Natural gas was supposed to be the future. Or at least it was supposed to be the bridge, through which we’d transition to a better tomorrow. However as this report from Bloomberg notes, companies and investment firms are now increasingly moving away from fossil fuels altogether as demand for natural gas continues to plummet. So in today’s Finshots we look at the factors shaping the future of this relatively clean source of energy and how things might shape for incumbents who’ve bet big on this dream.
The Bloomberg article makes a simple claim. Many developed countries have invested massively in gas plants only to see a dip in demand thanks to cheaper renewables making ground each year. So the story goes that there is a sudden rush to exit the business in a bid to mitigate losses. Both oil companies and investment firms backing them are seemingly looking to offload these assets as quickly as possible.
However, this is only part of the story.
People use natural gas for multiple reasons. In some parts of the world, they’re used as a replacement for coal. In other parts of the world, they’re used because they’re cheap. So it’s imperative to understand the motivations here before making broad generalizations.
In the US, natural gas adoption primarily took off in a massive way because of fracking — a complicated technique mostly deployed by oil producers to drill deep down into the earth’s surface and release all that trapped gas. This unconventional approach gave US oil producers an edge. They began pumping out natural gas in abundant volumes and prices began to crater. Sure, natural gas is still a cleaner alternative. But it’s the discount that really enticed people. As this report from McKinsey notes —
From 2000 to 2018, LNG was priced at a small discount relative to oil — values varied between contracts, but savings of 10 to 20 percent were typical. That discount has roughly doubled for contracts signed during the past two to three years, and short-term LNG supplies available in the spot markets in 2020 have offered as much as 50 to 70 percent savings relative to the prevailing oil price. As the price discount relative to oil increases, consumers are incentivized to make the switch from oil and oil products to gas where practical.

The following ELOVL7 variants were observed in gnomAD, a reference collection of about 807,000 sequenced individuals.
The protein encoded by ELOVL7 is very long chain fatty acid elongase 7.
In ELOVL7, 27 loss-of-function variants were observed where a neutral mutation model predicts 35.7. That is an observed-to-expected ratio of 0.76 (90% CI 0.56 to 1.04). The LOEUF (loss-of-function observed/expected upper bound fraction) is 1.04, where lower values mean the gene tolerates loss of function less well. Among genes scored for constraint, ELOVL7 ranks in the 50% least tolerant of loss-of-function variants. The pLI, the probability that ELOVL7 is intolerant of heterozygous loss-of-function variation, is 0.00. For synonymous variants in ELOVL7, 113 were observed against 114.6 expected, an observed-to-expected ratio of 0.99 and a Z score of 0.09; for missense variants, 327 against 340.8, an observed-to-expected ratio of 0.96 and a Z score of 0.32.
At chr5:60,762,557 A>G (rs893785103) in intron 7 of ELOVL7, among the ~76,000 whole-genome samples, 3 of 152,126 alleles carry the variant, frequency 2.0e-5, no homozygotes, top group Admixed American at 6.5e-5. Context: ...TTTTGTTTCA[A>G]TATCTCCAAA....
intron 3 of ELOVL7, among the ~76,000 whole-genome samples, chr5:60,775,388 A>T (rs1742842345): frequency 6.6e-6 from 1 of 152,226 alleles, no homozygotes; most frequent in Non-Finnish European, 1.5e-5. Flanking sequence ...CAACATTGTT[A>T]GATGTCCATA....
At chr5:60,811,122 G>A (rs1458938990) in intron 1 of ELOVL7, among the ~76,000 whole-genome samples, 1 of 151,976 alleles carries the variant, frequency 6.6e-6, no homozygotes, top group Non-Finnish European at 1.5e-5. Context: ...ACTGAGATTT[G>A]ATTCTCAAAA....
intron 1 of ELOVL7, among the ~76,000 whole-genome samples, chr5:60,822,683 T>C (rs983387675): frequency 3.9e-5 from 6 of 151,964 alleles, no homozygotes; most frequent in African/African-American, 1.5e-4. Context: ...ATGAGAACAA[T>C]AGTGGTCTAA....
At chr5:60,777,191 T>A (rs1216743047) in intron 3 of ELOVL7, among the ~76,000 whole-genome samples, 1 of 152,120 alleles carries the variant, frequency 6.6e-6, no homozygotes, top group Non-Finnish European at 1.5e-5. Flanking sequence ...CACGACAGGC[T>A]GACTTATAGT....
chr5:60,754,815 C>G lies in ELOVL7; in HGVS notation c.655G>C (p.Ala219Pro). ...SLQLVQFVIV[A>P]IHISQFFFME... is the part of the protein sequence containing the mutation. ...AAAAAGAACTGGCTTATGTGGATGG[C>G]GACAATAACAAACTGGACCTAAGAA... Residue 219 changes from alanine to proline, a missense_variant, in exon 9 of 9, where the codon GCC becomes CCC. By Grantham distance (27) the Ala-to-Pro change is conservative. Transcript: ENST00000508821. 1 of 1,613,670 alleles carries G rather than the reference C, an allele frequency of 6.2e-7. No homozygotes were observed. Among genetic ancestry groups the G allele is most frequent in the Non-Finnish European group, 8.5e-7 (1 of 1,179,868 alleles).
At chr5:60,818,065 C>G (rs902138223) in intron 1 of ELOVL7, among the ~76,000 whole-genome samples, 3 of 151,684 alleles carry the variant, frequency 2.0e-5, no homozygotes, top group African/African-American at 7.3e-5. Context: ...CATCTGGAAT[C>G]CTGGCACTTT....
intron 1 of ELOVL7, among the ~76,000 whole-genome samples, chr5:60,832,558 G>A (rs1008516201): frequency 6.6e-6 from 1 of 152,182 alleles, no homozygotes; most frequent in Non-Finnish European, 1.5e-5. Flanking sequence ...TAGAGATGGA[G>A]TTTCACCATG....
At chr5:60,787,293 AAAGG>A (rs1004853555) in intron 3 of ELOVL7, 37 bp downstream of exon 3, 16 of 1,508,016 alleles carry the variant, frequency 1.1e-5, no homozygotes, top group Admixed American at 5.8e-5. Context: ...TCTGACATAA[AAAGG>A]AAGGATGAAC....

But here’s the thing. Prices of renewable energy have also been on a similar trajectory. For instance, Hydroelectric power is now available at an average of $0.05 per kilowatt-hour (kWh). Solar energy is available at about $0.10/kWh. Meanwhile, electricity from traditional sources of energy can typically range from $0.05/kWh to over $0.15/kWh. The premiums have vanished and renewable sources of energy are cost-effective in a wide range of applications.
So as green energy becomes more affordable, the incumbents will have to make a switch, no doubt. And as more people start adopting renewables in a wide variety of applications, it’s even possible that natural gas might be phased off much faster than coal in the US.
In places like India and China, however, coal is still seen as a major source of power. And while gas continues to be a cleaner alternative (albeit slightly expensive), adoption has been slow. But that’s not to say the status quo will persist. As prices of LNG continue to dip, maybe the price difference between coal and LNG will vanish. And since, it’s also unlikely we will make the shift to renewables right off the bat, natural gas will probably have a massive role to play in these developing countries.
In Europe, meanwhile, the commitment to decarbonization is pushing natural gas out of favor quite quickly. As this article from S&P Global notes —
“Gas projects are increasingly vulnerable, as financiers and company management face pressure from their boards and investors not to invest in fossil fuels.”
Also, the production of natural gas often entails harmful byproducts. For instance, consider flaring. While you try and recover natural gas, you might be forced to release bits and pieces (of gas) into the atmosphere. This isn’t necessarily a very prudent thing to do. So oil producers simply burn this extra gas before releasing them. This isn’t exactly a no emission program and gas plants in Europe are now trying to figure out ways to reduce their carbon output. If they don’t, they might have to risk obsolescence.
So yeah, natural gas may or may not have a future, depending on who you ask. And hopefully, you now know why that might be the case.
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